Sponsors will ask that the event is co-branded in some way, so be creative! Solely mentioning them on social media and putting their name on an invite is boring. Ask the sponsor to pay for a specific part of the party, like dinner, drinks, branded cupcakes, or a Dunk Tank that will be sure to leave an impression!
You’ll quickly learn that events are front-loaded with expenses so ask for the money in advance. After the event, send a heartfelt thank you note and if you see a tweet or Facebook post about a sponsor from an attendee, copy that message and send it!
Hot tip: Be careful getting sponsors if it’s your company’s launch party. You don’t want to get lost in all of the promotional messaging!
When curating your invite list, think about who you want in the room. Do you want a room full of journalists? Or none at all?
Remember to keep your audience in mind when party planning. What does a good time look like to them? For example, if you’ve invited a group of Fortune 100 CMOs out on a Tuesday night, don’t invite them to a cash bar and serve fried food. Invite them to a dinner party or a cocktail affair in a nice venue with fancy canapés. And while activities like ice breakers during a party are great for engagement, they might not work well with a crowd that simply wants to let loose on a Friday night.
Hot tip: Always plan for a 50% turnout for free events. If you want 100 people at your party, invite 200.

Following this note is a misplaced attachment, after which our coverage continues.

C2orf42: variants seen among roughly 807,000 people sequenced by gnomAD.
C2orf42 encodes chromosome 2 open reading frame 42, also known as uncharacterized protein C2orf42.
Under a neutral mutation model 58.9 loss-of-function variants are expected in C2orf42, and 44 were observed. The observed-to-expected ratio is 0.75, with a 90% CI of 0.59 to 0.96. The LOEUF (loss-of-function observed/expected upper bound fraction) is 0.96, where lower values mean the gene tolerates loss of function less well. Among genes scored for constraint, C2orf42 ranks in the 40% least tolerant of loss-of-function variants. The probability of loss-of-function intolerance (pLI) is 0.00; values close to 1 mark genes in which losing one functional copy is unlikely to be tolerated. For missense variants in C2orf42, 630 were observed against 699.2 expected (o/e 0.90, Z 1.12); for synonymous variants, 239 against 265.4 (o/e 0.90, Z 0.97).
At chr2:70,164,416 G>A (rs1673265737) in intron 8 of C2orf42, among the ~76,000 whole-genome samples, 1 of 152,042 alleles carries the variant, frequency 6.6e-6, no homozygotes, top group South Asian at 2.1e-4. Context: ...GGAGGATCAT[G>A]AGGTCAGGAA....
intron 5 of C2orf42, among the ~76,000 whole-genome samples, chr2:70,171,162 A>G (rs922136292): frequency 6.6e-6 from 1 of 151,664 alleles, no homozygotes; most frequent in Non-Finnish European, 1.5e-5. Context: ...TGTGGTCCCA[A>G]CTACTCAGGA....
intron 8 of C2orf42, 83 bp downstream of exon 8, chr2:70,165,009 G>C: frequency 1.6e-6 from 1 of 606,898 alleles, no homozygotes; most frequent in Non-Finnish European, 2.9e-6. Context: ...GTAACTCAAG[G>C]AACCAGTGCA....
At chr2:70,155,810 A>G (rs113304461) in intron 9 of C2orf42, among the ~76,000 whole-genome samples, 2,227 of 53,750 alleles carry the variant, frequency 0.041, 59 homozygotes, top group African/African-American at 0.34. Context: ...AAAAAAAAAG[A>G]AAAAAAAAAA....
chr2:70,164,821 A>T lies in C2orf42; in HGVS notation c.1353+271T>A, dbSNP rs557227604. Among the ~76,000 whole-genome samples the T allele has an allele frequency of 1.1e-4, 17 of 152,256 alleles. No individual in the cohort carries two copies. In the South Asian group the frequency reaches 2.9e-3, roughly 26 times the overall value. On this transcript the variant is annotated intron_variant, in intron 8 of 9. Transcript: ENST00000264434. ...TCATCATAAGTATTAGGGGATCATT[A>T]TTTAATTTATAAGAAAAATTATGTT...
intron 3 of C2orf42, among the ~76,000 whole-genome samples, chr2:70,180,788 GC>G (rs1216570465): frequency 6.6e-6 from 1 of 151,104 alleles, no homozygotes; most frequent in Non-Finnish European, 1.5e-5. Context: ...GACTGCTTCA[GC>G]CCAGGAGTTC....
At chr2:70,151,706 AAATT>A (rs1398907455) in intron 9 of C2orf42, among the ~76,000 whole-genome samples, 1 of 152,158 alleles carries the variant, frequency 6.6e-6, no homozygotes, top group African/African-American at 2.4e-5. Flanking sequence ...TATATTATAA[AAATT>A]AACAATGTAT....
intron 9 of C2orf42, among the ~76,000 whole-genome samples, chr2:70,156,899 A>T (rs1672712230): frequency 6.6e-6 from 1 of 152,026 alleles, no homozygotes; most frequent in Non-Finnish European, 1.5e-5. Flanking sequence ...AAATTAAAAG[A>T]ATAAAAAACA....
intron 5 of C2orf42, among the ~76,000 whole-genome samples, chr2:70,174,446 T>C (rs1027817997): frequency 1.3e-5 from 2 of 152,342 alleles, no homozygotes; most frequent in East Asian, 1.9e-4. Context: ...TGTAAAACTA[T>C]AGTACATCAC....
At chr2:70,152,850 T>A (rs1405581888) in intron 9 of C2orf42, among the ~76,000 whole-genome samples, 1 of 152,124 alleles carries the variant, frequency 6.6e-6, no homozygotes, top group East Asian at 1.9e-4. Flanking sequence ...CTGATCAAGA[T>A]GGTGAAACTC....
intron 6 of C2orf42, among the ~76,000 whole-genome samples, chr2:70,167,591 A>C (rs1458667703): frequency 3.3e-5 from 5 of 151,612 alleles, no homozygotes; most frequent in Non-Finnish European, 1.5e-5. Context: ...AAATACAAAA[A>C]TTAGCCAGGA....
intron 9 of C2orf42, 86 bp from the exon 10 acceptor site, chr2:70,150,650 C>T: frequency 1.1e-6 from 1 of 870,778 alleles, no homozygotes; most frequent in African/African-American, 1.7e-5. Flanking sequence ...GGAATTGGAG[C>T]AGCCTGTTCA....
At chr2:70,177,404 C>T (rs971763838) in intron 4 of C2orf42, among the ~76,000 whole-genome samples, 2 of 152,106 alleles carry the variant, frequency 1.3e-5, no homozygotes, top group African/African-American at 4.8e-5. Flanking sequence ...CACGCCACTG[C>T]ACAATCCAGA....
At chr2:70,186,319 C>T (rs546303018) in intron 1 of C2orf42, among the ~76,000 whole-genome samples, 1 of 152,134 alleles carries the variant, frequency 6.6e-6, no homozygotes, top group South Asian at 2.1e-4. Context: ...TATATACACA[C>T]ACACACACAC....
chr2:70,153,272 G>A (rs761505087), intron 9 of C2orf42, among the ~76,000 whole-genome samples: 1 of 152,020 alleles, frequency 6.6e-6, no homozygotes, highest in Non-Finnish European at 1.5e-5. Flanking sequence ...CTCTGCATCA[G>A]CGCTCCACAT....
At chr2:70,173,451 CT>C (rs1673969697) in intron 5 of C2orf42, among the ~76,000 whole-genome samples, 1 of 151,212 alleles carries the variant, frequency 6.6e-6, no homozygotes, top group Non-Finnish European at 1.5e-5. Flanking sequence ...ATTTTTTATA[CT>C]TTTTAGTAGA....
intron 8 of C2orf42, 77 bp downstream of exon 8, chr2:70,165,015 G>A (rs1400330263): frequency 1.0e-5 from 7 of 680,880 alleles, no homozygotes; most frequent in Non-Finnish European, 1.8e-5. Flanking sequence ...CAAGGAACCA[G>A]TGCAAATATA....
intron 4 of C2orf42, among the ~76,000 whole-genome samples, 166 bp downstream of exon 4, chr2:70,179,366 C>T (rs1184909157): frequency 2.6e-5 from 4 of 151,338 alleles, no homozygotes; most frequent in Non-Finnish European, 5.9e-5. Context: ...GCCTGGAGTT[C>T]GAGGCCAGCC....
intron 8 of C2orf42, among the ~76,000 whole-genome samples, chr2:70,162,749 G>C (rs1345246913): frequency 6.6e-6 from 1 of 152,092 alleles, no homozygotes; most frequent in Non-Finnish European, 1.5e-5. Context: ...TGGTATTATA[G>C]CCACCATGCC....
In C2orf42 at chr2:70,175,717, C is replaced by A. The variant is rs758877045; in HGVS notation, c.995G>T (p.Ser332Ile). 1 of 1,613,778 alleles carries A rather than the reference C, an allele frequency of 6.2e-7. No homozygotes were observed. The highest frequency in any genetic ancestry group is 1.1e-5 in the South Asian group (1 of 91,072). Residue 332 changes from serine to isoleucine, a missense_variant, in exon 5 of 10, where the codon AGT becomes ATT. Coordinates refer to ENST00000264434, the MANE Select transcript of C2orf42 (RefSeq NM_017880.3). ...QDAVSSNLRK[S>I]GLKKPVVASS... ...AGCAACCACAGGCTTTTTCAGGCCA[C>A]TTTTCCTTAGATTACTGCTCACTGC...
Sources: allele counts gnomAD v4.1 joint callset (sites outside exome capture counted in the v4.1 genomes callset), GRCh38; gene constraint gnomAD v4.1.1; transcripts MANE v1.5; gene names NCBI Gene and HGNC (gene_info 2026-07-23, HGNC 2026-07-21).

First pick a date, and then pick 2-3 backup dates to give yourself flexibility as you approach potential venues. Like budget, always give yourself more time than you think you need. Play it safe with 5-8 weeks of advanced planning time for any event with over 40 people. For events like dinner parties with less than 20 people, 3 weeks is a good minimum prep and promotion time. Any less time and you’ll experience unnecessary stress!
Are you organising a small event and need input from your guests to choose a time and date? Doodle makes scheduling simpler by allowing groups of people to have their say in a poll.
Hot tip: Ordering branded items or anything physical like a “Step and Repeat” takes time and will cost you triple if you’re asking for overnight turnaround.
6. The Finishing Touches
Need food and drink ideas? Look no further than Pinterest for party planning inspiration. Also, don’t forget to purchase nonalcoholic beverages for those who need a night off or who don’t drink.
Music! Choose the type of music wisely. A DJ won’t fit in a fancy afternoon cocktail party. Find different type of musicians, singers, DJ’s on Hiroes.
Here you go, you have all the keys to a successful event! Tell us how it went on our facebook page